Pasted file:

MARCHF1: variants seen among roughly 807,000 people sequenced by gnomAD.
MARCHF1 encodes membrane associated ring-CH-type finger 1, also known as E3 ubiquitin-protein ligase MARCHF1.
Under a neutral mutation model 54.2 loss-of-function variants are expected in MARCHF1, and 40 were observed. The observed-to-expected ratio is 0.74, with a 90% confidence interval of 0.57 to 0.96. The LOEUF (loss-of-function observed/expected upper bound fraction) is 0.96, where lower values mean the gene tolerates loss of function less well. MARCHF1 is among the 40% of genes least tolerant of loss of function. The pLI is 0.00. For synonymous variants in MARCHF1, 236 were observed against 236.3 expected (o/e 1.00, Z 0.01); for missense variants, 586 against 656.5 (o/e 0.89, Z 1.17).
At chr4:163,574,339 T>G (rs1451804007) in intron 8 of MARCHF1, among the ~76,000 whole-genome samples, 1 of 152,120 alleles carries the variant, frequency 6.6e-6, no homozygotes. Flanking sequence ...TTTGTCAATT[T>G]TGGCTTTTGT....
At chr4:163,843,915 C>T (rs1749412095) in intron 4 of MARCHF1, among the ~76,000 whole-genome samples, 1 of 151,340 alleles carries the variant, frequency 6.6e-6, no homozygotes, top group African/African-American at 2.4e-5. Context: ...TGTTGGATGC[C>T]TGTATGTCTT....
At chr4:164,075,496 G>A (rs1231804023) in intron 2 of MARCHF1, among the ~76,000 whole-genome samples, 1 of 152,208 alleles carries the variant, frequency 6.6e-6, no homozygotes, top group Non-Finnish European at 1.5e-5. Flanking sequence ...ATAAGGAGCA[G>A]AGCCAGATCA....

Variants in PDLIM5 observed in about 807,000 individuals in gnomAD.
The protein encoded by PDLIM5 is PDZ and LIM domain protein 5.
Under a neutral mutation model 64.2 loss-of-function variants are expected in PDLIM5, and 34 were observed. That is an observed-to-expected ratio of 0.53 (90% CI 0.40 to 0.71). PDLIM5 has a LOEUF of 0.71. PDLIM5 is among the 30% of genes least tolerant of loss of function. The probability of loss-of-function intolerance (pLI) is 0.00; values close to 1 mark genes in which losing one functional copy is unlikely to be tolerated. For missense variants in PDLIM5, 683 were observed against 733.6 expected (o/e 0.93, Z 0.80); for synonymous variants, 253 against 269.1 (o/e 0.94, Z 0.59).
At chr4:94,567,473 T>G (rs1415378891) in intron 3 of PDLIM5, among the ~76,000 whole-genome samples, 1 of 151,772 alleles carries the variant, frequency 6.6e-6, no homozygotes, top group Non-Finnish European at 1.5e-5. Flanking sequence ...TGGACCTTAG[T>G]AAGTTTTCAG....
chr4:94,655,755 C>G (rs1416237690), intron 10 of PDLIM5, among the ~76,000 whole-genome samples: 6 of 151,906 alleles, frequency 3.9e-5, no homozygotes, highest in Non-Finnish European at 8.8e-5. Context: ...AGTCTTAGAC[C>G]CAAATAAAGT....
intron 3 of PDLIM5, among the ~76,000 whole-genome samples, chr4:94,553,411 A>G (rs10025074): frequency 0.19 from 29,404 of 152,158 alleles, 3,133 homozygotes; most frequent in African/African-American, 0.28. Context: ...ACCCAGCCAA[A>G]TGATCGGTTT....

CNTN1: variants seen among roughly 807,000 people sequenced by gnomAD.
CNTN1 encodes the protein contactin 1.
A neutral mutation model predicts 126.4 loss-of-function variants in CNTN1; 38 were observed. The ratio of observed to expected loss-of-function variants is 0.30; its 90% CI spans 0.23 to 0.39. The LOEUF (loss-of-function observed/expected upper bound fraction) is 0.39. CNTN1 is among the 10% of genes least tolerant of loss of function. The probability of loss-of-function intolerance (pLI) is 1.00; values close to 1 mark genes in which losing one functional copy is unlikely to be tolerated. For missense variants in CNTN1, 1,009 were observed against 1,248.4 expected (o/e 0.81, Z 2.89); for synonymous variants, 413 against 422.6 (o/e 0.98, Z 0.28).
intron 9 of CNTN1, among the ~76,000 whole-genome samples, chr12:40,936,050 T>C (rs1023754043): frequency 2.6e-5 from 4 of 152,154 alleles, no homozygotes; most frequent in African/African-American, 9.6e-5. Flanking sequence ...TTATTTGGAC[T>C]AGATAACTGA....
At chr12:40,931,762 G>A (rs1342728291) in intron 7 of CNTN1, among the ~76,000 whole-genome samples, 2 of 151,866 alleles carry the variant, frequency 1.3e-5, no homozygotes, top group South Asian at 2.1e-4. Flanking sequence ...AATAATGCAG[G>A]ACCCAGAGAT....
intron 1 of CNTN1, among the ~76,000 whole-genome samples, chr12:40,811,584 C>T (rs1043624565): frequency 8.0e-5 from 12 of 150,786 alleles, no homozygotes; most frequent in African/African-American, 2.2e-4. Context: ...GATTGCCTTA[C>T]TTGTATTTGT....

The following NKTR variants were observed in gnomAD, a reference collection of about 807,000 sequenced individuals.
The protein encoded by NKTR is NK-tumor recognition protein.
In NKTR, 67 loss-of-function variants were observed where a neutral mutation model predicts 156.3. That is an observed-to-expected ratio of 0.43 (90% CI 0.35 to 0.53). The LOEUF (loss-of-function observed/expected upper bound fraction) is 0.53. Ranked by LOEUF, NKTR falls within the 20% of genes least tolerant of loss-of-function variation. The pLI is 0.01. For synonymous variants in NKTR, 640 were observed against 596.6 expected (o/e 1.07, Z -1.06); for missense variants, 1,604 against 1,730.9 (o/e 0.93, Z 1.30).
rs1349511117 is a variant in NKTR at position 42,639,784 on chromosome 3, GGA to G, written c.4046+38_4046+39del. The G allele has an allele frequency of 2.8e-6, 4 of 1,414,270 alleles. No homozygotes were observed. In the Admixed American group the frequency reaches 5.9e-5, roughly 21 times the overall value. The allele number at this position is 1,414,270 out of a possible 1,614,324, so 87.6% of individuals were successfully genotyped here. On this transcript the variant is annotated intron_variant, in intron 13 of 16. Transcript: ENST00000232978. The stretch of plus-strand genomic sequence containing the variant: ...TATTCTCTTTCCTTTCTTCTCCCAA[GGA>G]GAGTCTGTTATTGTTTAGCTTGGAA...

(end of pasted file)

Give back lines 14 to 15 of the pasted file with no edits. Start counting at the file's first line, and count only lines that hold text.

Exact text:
CNTN1 encodes the protein contactin 1.
A neutral mutation model predicts 126.4 loss-of-function variants in CNTN1; 38 were observed. The ratio of observed to expected loss-of-function variants is 0.30; its 90% CI spans 0.23 to 0.39. The LOEUF (loss-of-function observed/expected upper bound fraction) is 0.39. CNTN1 is among the 10% of genes least tolerant of loss of function. The probability of loss-of-function intolerance (pLI) is 1.00; values close to 1 mark genes in which losing one functional copy is unlikely to be tolerated. For missense variants in CNTN1, 1,009 were observed against 1,248.4 expected (o/e 0.81, Z 2.89); for synonymous variants, 413 against 422.6 (o/e 0.98, Z 0.28).